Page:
In the next scene preserved, Encolpius and his friends board a ship, along with Eumolpus's hired servant, later named as Corax (99). Encolpius belatedly discovers that the captain is an old enemy, Lichas of Tarentum. Also on board is a woman called Tryphaena, by whom Giton does not want to be discovered (100–101). Despite their attempt to disguise themselves as Eumolpus's slaves (103), Encolpius and Giton are identified (105).
Eumolpus speaks in their defence (107), but it is only after fighting breaks out (108) that peace is agreed (109). To maintain good feelings, Eumolpus tells the story of a widow of Ephesus. At first she planned to starve herself to death in her husband's tomb, but she was seduced by a soldier guarding crucified corpses, and when one of these was stolen she offered the corpse of her husband as a replacement (110–112).
The ship is wrecked in a storm (114). Encolpius, Giton and Eumolpus get to shore safely (as apparently does Corax), but Lichas is washed ashore drowned (115). The companions learn they are in the neighbourhood of Crotona, and that the inhabitants are notorious legacy-hunters (116). Eumolpus proposes taking advantage of this, and it is agreed that he will pose as a childless, sickly man of wealth, and the others as his slaves (117).
As they travel to the city, Eumolpus lectures on the need for elevated content in poetry (118), which he illustrates with a poem of almost 300 lines on the Civil War between Julius Caesar and Pompey (119–124). When they arrive in Crotona, the legacy-hunters prove hospitable.
When the text resumes, the companions have apparently been in Crotona for some time (125). A maid named Chrysis flirts with Encolpius and brings to him her beautiful mistress Circe, who asks him for sex. However, his attempts are prevented by impotence (126–128). Circe and Encolpius exchange letters, and he seeks a cure by sleeping without Giton (129–130). When he next meets Circe, she brings with her an elderly enchantress called Proselenos who attempts a magical cure (131). Nonetheless, he fails again to make love, as Circe has Chrysis and him flogged (132).
Encolpius is tempted to sever the offending organ, but prays to Priapus at his temple for healing (133). Proselenos and the priestess Oenothea arrive. Oenothea, who is also a sorceress, claims she can provide the cure desired by Encolpius and begins cooking (134–135). While the women are temporarily absent, Encolpius is attacked by the temple's sacred geese and kills one of them. Oenothea is horrified, but Encolpius pacifies her with an offer of money (136–137).
Oenothea tears open the breast of the goose, and uses its liver to foretell Encolpius's future (137). That accomplished, the priestess reveals a "leather dildo," (scorteum fascinum) and the women apply various irritants to him, which they use to prepare Encolpius for anal penetration (138). Encolpius flees from Oenothea and her assistants. In the following chapters, Chrysis herself falls in love with Encolpius (138–139).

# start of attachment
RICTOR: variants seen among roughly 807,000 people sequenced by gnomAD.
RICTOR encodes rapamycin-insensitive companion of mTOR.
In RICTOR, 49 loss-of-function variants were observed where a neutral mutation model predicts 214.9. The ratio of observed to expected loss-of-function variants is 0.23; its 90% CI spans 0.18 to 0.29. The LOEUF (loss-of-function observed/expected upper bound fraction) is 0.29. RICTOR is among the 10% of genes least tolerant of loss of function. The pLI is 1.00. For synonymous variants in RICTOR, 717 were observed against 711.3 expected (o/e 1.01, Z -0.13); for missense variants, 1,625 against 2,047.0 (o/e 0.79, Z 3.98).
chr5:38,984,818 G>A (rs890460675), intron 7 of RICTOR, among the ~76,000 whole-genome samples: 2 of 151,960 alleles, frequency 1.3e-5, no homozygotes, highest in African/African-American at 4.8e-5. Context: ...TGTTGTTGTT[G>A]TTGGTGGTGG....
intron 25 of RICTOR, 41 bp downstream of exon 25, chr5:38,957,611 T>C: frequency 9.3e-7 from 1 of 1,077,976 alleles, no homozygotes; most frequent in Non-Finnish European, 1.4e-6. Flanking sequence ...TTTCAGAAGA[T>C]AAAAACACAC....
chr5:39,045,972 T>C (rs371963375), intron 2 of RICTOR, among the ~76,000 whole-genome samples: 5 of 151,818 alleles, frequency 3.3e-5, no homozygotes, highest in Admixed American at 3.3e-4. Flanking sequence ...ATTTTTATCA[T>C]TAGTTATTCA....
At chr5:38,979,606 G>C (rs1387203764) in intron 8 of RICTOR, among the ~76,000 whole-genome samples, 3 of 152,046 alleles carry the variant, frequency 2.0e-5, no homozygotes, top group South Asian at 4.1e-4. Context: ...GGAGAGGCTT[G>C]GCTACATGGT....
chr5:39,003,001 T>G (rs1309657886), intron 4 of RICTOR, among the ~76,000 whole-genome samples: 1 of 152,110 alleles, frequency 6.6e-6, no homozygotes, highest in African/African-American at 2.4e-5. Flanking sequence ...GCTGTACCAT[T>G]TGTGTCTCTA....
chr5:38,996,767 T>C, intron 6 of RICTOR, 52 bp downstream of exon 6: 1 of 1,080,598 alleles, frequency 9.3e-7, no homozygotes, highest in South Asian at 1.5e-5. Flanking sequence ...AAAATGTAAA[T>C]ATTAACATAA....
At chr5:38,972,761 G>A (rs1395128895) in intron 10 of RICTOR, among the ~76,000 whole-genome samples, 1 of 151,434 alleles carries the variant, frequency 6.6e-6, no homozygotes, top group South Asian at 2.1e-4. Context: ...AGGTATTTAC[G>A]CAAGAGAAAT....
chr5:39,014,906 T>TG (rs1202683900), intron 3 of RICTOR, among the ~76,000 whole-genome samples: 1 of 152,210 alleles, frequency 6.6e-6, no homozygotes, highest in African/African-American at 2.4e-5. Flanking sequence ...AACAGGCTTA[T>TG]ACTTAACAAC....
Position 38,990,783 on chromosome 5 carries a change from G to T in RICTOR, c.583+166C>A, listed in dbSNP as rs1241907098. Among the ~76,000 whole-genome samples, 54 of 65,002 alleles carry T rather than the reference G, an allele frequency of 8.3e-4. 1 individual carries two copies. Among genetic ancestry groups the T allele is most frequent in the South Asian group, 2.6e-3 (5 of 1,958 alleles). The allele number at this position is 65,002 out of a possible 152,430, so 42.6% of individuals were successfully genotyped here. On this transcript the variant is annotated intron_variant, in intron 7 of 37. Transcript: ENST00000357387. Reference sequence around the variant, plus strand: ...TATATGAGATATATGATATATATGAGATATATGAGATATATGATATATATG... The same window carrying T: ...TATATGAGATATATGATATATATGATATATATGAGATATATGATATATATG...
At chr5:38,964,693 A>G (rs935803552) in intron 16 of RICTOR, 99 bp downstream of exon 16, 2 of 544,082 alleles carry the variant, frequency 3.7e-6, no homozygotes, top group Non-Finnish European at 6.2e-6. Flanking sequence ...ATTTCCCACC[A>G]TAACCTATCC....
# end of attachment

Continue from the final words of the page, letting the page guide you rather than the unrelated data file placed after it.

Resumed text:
An ageing legacy-huntress named Philomela places her son and daughter with Eumolpus, ostensibly for education. Eumolpus makes love to the daughter, although because of his pretence of ill health he requires the help of Corax. After fondling the son, Encolpius reveals that he has somehow been cured of his impotence (140). He warns Eumolpus that, because the wealth he claims to have has not appeared, the patience of the legacy-hunters is running out. Eumolpus's will is read to the legacy-hunters, who apparently now believe he is dead, and they learn they can inherit only if they consume his body. In the final passage preserved, historical examples of cannibalism are cited
1. During my visit to London for studies where we had an Old Ancestral Home, I stumbled on a family treasure. Apart from other things I also found a hump of books, diaries, and notes in the treasure which contained classic, Age-old, Erotic books, Novels, and Magazines probably collected by my Ancestors. They are all timeless and precious. They are a must-read for all erotica lovers.
2. Out of the aforesaid collection, presenting an amazing account which was is dated between 1st century BC and 3rd century AD
3. The ". THE SATYRICONIS is written by PETRONIUS ARBITER
4. The surviving sections of the original (much longer) text detail the bizarre exploits of the narrator, Encolpius, and his slave and boyfriend Giton, a handsome d boy.
5. All characters be read as of more than age of 18 years.
7. My sincere apologies to the author of the Novel and readers for editing, or modifying the underage content, if any, to make it suitable for publishing in Modern times.